An additional embodiment comprises a method of forming a porous dielectric within a microelectronic device comprising: providing a solid substrate possessing a layer of patterned conductors, or onto which said patterns will subsequently be placed; providing a first and second solutions of particles and solvent, wherein said particles consist of a ceramic core surrounded by a thin coating of a substantially different material; depositing a first film of said first solution onto said substrate such that gaps between any of said conductors are filled substantially with said solution; drying said film such that said particles form a continuous layer over said substrate; depositing a second film of said second solution onto said substrate; drying said second film such that said particles form a continuous layer over said substrate; and treating the layers such that said particle coatings form crosslinks between adjacent particles and between said particles and said substrate to form a substantially bonded porous dielectric having a dielectric constant less than 3.0, whereby the capacitive coupling and propagation delay of said conductors is substantially reduced compared to solid silicon dioxide; and wherein the sum of the packing density of said particles and the porosity of said layer is equal to one. The second solution contains particles that are substantially smaller that the particles of said first solution, whereby these particles substantially fill the porosity of said first film, and substantially protect said layer from penetration by liquids. The particles of said second solution provide for a substantially dense top layer. The drying of said first film produces a layer with a porosity in the approximate range of 40-80%, while the drying of said second film produces a layer with a porosity substantially lower than that produced by said first film.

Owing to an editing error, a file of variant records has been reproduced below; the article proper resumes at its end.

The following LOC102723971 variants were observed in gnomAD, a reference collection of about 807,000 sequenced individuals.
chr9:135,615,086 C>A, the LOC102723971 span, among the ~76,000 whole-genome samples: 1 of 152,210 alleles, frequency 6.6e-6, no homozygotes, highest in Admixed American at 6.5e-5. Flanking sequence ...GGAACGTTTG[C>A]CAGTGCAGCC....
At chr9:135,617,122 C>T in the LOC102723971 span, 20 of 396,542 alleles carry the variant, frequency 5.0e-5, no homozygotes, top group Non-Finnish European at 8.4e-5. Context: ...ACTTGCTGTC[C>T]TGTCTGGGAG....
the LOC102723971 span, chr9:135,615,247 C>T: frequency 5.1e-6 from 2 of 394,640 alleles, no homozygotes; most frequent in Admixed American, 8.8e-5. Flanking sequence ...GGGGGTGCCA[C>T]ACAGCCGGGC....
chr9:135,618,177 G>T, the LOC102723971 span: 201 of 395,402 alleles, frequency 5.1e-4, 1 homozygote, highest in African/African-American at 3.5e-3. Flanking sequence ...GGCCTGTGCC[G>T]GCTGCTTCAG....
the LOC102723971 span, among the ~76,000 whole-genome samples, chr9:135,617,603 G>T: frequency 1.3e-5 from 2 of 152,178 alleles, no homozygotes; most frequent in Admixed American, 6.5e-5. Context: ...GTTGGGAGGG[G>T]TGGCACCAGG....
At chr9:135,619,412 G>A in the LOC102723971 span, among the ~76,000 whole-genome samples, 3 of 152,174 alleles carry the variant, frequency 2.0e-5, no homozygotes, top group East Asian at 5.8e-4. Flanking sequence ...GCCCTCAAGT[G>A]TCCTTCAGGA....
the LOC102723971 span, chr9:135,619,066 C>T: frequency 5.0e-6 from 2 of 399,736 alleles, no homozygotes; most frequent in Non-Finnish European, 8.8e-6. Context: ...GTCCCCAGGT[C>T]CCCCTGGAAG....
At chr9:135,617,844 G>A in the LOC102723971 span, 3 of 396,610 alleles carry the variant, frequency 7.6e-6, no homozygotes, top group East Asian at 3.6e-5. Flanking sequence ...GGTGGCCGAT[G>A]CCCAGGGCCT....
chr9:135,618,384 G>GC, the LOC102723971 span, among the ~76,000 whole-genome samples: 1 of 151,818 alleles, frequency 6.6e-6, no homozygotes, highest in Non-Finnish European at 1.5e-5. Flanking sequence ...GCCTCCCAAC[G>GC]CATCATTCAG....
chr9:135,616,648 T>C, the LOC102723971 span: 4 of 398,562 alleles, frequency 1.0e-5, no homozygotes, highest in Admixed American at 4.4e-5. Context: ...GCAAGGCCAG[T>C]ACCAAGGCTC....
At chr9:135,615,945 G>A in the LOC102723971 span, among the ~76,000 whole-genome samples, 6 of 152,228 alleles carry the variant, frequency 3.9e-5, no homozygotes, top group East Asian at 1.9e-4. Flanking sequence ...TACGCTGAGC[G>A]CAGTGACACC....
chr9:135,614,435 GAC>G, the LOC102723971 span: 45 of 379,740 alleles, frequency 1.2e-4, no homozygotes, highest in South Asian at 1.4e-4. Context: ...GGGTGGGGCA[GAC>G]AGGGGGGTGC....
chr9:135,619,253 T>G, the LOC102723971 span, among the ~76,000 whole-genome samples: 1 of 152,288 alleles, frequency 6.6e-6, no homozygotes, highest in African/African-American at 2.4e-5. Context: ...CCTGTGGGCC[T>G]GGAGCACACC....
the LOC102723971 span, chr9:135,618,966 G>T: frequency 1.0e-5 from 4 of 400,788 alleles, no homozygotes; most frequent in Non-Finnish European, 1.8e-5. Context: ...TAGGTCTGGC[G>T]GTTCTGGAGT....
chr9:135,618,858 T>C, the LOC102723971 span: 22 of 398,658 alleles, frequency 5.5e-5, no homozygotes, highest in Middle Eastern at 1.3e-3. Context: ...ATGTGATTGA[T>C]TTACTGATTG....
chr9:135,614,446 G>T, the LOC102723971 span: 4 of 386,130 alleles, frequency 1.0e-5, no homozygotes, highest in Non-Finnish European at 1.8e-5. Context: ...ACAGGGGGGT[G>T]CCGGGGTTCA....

The invention is not to be construed as limited to the particular examples described herein, as these are illustrative rather than restrictive. The invention is intended to cover all processes and structures which do not depart from the spirit and scope of the invention. Specifically the use of individual spherical particles that can be deposited and cured onto a substrate for use as an electrical insulator. Properties of some of the specific examples may be combined without deviating from the nature of the invention.
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|U.S. Classification||438/623, 438/624, 427/510, 427/99.4, 427/504, 427/98.4, 438/778, 257/E21.273, 427/214, 257/E21.576, 427/493, 427/204, 438/781, 427/97.5, 257/E21.266|
|International Classification||H01L21/316, H01L21/768, H01L21/314|
|Cooperative Classification||H01L21/02282, H01L21/02307, H01L21/02126, H01L21/31695, H01L21/314, H01L21/02203, H01L21/7682, H01L2221/1047, B82Y30/00|
|European Classification||B82Y30/00, H01L21/768B6, H01L21/02K2C1L1, H01L21/02K2C5, H01L21/02K2E3L, H01L21/02K2T2H, H01L21/314, H01L21/316P|
|Sep 4, 1997||AS||Assignment|
Owner name: GALIA DIELECTRIC CORPORATION, CALIFORNIA
Free format text: ASSIGNMENT OF ASSIGNORS INTEREST;ASSIGNOR:AYERS, MICHAEL R.;REEL/FRAME:008919/0949
Effective date: 19980114
|Mar 19, 2002||REMI||Maintenance fee reminder mailed|
|Sep 3, 2002||LAPS||Lapse for failure to pay maintenance fees|
|Oct 29, 2002||FP||Expired due to failure to pay maintenance fee|
Effective date: 20020901